Robots are pretty awesome. Most people have an idea of robots formed by popular culture representations, but the direction the actual robotics world is traveling has less flash and more pragmatism. Science fiction has long focused on philosophical questions of the essence of humanity and the moral qualms involved in creating an automaton that can ‘feel.’ However, robotic technology, as of 2014, is not on the cusp of creating the perfect android. Alas, we do not have artificial intelligences (AI) capable of bestowing emotions, personality, or morality unto beautiful, very human-like machines in the fashion of Hollywood productions.
How close are we today? In reality life-like robotic behaviors are restricted by some key factors. Size-to-power ratios keep realistic, humanoid bots like AIST’s Miim, Kokoro Company Ltd.’s Actroid, and University of Pisa’s FACE either being completely mobile with pretty limited range of motion, or with advanced upper bodies and stationary power packs for legs. Non-realistic humanoid bots are another story. Boston Dynamic’s Atlas, a 6’2” 330lb android, looks mechanical and to be honest somewhat terrifying. Atlas was presented at DARPA, the US agency responsible for the Department of Defense’s technological innovation, and is intended to advance US military and civilian emergency response options. This robot is capable of moving quickly over rough and uneven terrain, can climb ladders, turn on a car, and carry survivors, but don’t assume this means it is self-determining. The complexity involved in creating software algorithms capable of dealing with the myriad unpredictable real life scenarios is a huge limiter, so beyond Roomba, expect to have to specifically tell your robots where to go and what to do for a while yet. So what do we have that rivals the imagination of science fiction? Machines that assist in human healthcare.
Robots can assist humans in a variety of healthcare applications, and they show high potential to permeate the fields of physical therapy and invalid care in the near future. Social bots have been made for children with autism to help them engage their surroundings, play games, and communicate with other people more effectively. Stroke victims are assisted in their physical therapy by an MIT and USC developed robot that encourages and monitors patient progress depending upon individual patient response. Singing automatons (including Actroids) play games with elderly Alzheimer patients that help them retain memory and improve their moods. “Smart homes” are being developed to perform tasks from maintaining optimal energy efficiency within user-preferences, to monitoring the safety and well-being of inhabitants. And—wait for it—a new bionic prosthetic called LifeHand 2 has been invented that actually sends sensory input via severed nerve endings to the wearer. A Danish man missing an arm was surgically connected to the Life Hand 2 and was able to identify objects he touched with the bionic hand while blindfolded. So, even if we are a long way off from I, Robot, it looks like Full Metal Alchemist is happening now. Personally, I’m extremely excited.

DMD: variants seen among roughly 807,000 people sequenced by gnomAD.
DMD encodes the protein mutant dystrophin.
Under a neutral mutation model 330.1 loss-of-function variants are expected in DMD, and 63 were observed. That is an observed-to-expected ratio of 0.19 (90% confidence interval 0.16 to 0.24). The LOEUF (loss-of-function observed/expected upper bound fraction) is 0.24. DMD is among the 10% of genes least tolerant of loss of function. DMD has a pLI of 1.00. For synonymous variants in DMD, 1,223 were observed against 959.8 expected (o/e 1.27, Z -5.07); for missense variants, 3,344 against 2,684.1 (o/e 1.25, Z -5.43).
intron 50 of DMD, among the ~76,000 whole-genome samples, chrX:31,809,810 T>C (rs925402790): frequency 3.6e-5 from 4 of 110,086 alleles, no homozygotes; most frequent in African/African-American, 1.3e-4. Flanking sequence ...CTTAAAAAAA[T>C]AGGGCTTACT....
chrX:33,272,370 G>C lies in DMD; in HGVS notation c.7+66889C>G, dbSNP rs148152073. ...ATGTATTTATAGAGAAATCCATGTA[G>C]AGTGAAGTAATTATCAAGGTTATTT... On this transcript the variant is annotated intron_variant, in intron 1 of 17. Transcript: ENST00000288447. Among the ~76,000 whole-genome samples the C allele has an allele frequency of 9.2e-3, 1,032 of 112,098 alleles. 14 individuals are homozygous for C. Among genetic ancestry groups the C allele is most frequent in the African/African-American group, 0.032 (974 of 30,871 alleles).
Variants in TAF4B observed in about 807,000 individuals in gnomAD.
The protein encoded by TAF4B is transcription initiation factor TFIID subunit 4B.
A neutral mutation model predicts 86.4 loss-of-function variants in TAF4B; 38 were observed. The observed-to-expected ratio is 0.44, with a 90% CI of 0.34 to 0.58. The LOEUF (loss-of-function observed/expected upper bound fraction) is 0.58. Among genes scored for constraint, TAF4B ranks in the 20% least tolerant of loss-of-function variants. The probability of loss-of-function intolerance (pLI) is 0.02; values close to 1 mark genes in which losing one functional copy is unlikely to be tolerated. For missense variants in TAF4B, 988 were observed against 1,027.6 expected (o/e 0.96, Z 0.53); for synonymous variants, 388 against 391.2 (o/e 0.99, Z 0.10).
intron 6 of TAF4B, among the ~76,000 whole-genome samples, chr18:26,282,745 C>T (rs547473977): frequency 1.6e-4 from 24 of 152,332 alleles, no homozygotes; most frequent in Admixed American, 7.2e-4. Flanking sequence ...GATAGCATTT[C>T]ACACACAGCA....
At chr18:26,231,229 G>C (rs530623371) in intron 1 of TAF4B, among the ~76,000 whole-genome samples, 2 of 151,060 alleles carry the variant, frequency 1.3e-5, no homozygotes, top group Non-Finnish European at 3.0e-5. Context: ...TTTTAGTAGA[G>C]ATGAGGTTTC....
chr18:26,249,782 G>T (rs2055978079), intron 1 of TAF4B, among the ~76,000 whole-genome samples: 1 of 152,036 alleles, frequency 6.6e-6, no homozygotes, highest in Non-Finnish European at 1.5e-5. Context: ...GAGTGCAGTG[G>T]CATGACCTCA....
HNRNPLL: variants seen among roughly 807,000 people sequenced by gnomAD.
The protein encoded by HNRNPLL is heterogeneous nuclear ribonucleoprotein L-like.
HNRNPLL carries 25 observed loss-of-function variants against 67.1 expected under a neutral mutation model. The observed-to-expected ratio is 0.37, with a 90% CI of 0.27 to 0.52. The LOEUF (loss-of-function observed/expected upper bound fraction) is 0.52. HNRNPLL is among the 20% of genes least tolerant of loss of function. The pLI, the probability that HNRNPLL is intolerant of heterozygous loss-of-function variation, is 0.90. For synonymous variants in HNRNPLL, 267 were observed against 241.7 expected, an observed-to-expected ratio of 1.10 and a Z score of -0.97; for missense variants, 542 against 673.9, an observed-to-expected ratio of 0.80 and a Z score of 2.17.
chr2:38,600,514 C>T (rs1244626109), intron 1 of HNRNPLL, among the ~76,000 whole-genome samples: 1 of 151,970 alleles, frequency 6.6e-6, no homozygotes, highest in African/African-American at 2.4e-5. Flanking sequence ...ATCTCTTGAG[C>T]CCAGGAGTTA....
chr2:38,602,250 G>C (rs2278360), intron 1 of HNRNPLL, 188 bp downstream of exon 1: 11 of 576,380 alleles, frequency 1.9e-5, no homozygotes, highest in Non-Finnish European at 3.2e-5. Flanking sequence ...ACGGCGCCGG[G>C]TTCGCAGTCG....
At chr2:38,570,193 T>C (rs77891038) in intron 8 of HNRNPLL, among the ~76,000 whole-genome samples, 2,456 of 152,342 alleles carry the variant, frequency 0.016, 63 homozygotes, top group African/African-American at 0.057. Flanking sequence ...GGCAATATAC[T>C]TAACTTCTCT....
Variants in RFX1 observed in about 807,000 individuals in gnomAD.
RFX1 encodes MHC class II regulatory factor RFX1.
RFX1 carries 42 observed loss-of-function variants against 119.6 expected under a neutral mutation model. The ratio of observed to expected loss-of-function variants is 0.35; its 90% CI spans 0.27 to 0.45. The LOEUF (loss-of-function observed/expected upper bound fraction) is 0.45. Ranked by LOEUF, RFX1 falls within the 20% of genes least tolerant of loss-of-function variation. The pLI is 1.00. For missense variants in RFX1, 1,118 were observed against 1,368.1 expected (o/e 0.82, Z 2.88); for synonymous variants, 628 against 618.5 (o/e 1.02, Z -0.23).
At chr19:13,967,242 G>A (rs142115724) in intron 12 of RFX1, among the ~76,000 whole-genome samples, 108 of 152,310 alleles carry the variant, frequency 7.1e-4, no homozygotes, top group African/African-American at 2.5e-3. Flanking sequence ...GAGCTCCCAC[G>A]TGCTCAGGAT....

Learn more about weird science such as current advances in robot technology from Lin, Abney, & Bekey’s 2012 Robot Ethics: The Ethical and Social Implications of Robotics and about bionic prosthetic breakthroughs in Science magazine at http://stm.sciencemag.org/content/6/222/222ra19.